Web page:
Nevertheless, this is one of the better covers albums I've heard in quite a while, so if you're any kind of Freedy Johnston fan, or just love several of the tracks here (aside from "Let 'em In"), head on over to his official site where it's available exclusively and pick up a copy. Unfortunately, there aren't any samples on his site (or elsewhere), so you're going to have to take my word on this one.

Wednesday, February 27, 2008

CD of the Day, 2/27/08: The Dress Whites-My God, The Shame!

Toronto's (by way of Montreal) The Dress Whites are a band that defies categorization. Blurring the lines between power pop, indie pop, and rock and roll, their debut full-length My God, The Shame! is an instant winner that will appeal to anyone who likes good, tuneful music.

After the instrumental opener "A Liberated Woman Will Destroy Us All" (which along with the closer titled "O'er The Transom of the Susan Constant" which might lead you to believe you've stumbled across a Decemberists disc off the titles alone), "Give Up The Ghost" kicks in with an upbeat melody, stacatto guitars and a call-and-response chorus that lets you know you're not in Kansas any more. "Spongecake" and "A Great Assault #8" are power-popping numbers that recall The Shazam, while "The Whale" and "Blood Work" keep up the pace in a Fountains-of-Wayne-meet-the-Rembrandts way. Meanwhile, "Two Times The Hurt" is a straight-ahead power pop gem that recalls fellow countrymen Sloan.

So get fancy and put on The Dress Whites; there's no shame in enjoying this one.

CD Baby | MySpace

Monday, February 25, 2008

CD of the Day, 2/25/08: Kevin Bents-The Means

It's been a while since I had some quality singer-songwriter pop to recommend, but thanks to NYC's Kevin Bents, I no longer have to wait as his solo debut The Means is an assured collection of melodic gems that will appeal to fans of David Mead, Freedy Johnston and Josh Rouse. Bents has worked with Mitch Linker and the Day Traders as well as Saul Zonana, so he keeps good company.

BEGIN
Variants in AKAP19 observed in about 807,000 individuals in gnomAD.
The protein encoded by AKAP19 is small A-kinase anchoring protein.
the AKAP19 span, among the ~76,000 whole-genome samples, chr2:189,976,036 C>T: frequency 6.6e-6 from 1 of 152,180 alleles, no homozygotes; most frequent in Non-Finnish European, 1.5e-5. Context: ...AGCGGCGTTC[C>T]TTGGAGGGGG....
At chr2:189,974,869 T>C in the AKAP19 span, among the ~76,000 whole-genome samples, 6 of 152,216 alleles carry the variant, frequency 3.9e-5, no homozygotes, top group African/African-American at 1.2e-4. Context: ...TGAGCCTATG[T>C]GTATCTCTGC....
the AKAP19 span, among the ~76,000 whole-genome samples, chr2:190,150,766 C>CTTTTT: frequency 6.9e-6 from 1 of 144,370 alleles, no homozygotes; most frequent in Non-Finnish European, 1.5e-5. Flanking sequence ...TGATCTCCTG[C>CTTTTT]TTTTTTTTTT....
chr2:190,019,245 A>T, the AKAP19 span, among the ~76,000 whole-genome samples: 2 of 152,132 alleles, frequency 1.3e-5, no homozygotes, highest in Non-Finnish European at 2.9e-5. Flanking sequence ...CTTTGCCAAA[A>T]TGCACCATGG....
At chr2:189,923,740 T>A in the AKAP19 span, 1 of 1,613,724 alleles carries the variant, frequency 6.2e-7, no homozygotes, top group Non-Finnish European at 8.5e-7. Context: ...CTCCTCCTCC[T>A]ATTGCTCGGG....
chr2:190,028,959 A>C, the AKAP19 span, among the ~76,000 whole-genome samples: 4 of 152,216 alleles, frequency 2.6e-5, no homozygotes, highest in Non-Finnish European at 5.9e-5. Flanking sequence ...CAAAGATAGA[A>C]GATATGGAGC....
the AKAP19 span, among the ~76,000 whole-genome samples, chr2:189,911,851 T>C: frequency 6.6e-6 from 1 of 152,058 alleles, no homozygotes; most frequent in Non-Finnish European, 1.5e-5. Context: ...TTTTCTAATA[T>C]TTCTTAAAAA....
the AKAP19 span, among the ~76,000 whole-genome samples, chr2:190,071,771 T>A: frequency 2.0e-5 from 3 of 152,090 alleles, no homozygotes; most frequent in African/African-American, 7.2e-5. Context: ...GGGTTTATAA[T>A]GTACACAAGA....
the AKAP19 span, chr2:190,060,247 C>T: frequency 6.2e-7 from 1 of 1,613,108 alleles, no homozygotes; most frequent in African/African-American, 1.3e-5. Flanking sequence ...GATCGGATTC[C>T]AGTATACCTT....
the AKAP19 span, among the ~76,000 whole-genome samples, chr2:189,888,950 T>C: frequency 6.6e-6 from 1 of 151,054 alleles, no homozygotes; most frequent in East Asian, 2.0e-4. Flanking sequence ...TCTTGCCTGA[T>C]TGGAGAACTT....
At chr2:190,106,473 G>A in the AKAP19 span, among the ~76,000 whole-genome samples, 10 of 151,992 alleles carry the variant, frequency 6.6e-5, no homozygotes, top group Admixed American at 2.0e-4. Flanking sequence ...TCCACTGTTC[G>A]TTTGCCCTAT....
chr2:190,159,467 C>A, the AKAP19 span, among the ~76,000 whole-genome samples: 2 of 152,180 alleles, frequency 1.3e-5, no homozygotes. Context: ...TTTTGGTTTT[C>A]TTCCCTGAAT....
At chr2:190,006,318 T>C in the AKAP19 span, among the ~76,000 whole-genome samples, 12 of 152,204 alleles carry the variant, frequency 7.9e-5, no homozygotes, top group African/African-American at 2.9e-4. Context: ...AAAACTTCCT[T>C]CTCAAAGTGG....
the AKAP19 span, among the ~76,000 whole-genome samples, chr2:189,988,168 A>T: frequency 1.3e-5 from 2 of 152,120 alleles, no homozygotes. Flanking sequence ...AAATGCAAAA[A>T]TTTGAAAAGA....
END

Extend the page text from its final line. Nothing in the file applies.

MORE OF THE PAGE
Opener "Givin' It All Away (For Jeff)" is a nice acoustic number, but Bents really hits it out of the park with "Heart of Hearts", a lovely pop tune with a kind of Bacharach feel. The more rocking "My Love Save The Day" follows with a sound reminiscent of his buddy Zonana and has the instant catchiness that would make it a hit in an alternative universe that appreciated this kind of music. Elsewhere, "Fool on the Moon" is a pretty Beatlesque ballad, "Writing on the Wall" is a peppy uptempo number that has a hint of R&B, and "Good Life" is one of the better Donald Fagen/late-period Steely Dan tributes/pastiches/soundalikes that you'll hear (the auctioneer that appears two-thirds of the way through is an interesting touch). It's an excellent record from a real talent, and here's hoping you'll find The Means to pick up a copy.

CD Baby | MySpace

Friday, February 22, 2008

Friday Rock'n'Roll Roundup.

Time today to spotlight three discs that come down on the much more rockin' side of power pop, one of which you may already be familiar with, and two others you might not:

Watts-One Below The All Time Low. This Boston band has been featured on Not Lame and elsewhere already, so forgive me for being late to the party. But a party it is, as this band named after the Rolling Stones' drummer does their namesake proud with 14 rockin' tracks. More rocking than others: "20 to 12", the title track, "Everybody Wants You', "Start a Riot". Wake the neighbors. CD Baby | MySpace